Emile Zola centers his epic novel The Earth on nature and the important elements that are at the forefront is the natural landscape and how families and traditions play a role in its existence. Or as Douglas Parmee emphasizes in the introduction, it is a story of hereditary and environment. The story takes place in rural France during the late 19th century and is a part of the Rougot-Macquart series that focused upon the harsh structures of a farming community. The Fouan and Buteau family live in a small village in the fictitiously named Rognes within Aix-en-Provence, an place where its dwellers thrive on the agrarian way of life.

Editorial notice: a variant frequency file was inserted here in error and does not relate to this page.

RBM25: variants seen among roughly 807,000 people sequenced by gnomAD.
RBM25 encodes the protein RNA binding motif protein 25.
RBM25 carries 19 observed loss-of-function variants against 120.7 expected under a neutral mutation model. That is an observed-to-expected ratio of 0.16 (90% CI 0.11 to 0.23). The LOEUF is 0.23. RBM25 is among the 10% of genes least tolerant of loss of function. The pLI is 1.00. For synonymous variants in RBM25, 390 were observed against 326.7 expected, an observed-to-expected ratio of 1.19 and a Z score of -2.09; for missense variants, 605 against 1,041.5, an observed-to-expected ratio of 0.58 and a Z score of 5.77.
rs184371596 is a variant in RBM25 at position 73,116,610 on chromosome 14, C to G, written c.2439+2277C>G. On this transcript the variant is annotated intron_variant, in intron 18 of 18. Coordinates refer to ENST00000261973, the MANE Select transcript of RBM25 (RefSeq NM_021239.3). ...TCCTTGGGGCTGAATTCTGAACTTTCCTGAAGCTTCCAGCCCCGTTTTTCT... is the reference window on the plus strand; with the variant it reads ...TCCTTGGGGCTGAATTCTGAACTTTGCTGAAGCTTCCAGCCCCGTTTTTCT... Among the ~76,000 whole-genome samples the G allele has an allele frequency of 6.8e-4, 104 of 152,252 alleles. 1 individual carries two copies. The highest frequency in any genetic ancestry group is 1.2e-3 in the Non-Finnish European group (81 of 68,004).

Zola was part of the literary movement of naturalism that swept the late 1880s up to 1921 and a response nature’s progression of the land but also transitions that occurred within human nature. Especially, after great conflicts before the Great War that showed signs that modern ways of life was taking precedence and conflicts that emerged with the Franco-Prussian war that Zola wrote in The Debacle. It is clearly understood throughout the novel with the countryside and the daily routines of the main characters of the family as they work on their farm and cultivate the land and animals. Their responsibility is to maintain and to preserve centuries of tradition that is symbolic to the sustenance of life, birth, marriage, and death as well as history. But what appears to be predominant before the previous is taking care of the land, which has been an ancient economic and social construct since civilization began under the system of feudalism. And the families such as the Fouan came from a lineage of serfs of the Rognes-Bouqueval family that left remnants within a burial site located among half-buried stones at a demolished castle. Indeed, significant to the history of the family, maintain their class and social standing within the region, i.e. their name and their wealth. However, as Zola suggests with characters such as Fouan’s son named Jesus Christ, this part of the novel almost breathes a cross between a D.H. Lawrence novel and Ingmar Bergman film that usually contains an underlying and deep symbolic meaning of existentialism and philosophy and religion in the midst. But Jesus Christ, known for his flatulence is a subtle symbol placed in the novel as comic relief and one to not to take things too seriously and the least religious of the characters in the book; Zola shows how the characters challenge conventionality and morality with much vivid imagery.